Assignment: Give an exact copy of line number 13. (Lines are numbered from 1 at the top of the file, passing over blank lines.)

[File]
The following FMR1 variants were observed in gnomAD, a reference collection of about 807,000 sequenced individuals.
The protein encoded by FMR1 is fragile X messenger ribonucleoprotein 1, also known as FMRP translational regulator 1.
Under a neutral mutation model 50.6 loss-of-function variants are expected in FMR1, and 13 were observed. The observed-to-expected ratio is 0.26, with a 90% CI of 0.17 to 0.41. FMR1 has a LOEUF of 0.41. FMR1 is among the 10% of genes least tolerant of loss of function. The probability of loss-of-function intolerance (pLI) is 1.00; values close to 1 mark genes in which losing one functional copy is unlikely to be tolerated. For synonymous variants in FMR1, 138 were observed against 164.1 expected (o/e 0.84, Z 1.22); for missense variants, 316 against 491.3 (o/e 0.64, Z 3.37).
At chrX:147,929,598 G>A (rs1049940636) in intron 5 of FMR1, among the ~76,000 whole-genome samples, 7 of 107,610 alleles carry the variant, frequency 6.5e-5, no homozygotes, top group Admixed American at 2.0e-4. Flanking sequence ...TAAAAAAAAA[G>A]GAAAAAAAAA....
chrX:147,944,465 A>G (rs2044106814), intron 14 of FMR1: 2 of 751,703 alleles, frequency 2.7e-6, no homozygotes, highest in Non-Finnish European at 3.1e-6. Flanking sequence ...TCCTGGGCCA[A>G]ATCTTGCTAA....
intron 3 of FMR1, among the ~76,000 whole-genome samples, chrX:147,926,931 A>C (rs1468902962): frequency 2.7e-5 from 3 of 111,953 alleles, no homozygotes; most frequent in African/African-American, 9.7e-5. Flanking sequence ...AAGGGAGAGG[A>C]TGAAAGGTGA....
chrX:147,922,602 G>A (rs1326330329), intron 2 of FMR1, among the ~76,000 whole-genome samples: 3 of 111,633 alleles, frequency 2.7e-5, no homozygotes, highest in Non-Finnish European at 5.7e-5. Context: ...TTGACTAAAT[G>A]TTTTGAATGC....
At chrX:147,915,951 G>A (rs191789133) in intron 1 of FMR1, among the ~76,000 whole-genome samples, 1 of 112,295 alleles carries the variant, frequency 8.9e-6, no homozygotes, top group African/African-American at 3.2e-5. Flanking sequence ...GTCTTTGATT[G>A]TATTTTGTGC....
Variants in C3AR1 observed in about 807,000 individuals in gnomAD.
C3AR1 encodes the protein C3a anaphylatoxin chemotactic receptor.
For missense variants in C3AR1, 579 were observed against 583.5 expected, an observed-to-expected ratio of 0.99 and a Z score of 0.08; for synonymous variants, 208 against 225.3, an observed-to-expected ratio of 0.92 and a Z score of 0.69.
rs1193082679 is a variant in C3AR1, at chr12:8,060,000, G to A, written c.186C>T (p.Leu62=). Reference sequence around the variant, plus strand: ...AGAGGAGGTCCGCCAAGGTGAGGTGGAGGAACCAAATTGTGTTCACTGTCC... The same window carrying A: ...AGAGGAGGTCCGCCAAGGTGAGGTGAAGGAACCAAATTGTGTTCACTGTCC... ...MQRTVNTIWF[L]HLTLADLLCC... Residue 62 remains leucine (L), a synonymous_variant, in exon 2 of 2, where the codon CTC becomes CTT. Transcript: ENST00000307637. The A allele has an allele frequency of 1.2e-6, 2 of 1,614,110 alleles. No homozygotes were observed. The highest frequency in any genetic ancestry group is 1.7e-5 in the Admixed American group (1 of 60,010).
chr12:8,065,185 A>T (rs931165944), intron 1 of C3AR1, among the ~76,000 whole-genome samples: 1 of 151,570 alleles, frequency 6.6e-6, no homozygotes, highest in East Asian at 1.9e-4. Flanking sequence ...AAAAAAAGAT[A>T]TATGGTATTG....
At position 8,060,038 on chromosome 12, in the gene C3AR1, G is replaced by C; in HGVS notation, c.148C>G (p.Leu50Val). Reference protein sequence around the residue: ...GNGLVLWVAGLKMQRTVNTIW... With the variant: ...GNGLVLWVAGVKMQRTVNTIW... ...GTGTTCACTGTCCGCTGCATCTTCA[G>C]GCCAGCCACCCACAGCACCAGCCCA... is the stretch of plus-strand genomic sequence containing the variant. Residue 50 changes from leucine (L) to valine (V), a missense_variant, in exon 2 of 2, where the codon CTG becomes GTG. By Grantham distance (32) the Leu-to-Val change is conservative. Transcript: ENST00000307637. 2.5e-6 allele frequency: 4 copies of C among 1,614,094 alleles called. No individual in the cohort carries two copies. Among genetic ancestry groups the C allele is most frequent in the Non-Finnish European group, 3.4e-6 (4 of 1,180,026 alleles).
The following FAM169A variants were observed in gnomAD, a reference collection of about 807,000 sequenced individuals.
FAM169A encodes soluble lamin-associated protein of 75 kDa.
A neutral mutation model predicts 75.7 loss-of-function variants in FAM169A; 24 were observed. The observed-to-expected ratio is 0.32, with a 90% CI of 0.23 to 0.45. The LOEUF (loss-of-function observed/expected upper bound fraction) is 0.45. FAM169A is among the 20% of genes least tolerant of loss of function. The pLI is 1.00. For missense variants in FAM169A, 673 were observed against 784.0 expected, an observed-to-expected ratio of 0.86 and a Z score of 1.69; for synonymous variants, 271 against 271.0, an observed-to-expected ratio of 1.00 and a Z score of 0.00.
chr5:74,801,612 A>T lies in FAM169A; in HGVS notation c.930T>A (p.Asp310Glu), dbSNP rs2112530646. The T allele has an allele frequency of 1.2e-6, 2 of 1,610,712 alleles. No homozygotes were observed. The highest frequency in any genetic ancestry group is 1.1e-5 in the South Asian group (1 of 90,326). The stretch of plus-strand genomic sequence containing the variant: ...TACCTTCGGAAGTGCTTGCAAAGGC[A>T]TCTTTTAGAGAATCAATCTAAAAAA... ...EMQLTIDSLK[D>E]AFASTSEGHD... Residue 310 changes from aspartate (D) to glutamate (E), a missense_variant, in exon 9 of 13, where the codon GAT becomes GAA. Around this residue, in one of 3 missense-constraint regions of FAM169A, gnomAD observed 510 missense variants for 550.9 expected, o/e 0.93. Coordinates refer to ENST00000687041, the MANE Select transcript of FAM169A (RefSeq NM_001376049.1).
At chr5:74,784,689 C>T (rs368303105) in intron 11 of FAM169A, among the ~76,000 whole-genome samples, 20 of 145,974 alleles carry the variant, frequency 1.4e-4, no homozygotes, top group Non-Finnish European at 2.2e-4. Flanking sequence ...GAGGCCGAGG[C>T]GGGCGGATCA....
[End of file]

chr12:8,065,185 A>T (rs931165944), intron 1 of C3AR1, among the ~76,000 whole-genome samples: 1 of 151,570 alleles, frequency 6.6e-6, no homozygotes, highest in East Asian at 1.9e-4. Flanking sequence ...AAAAAAAGAT[A>T]TATGGTATTG....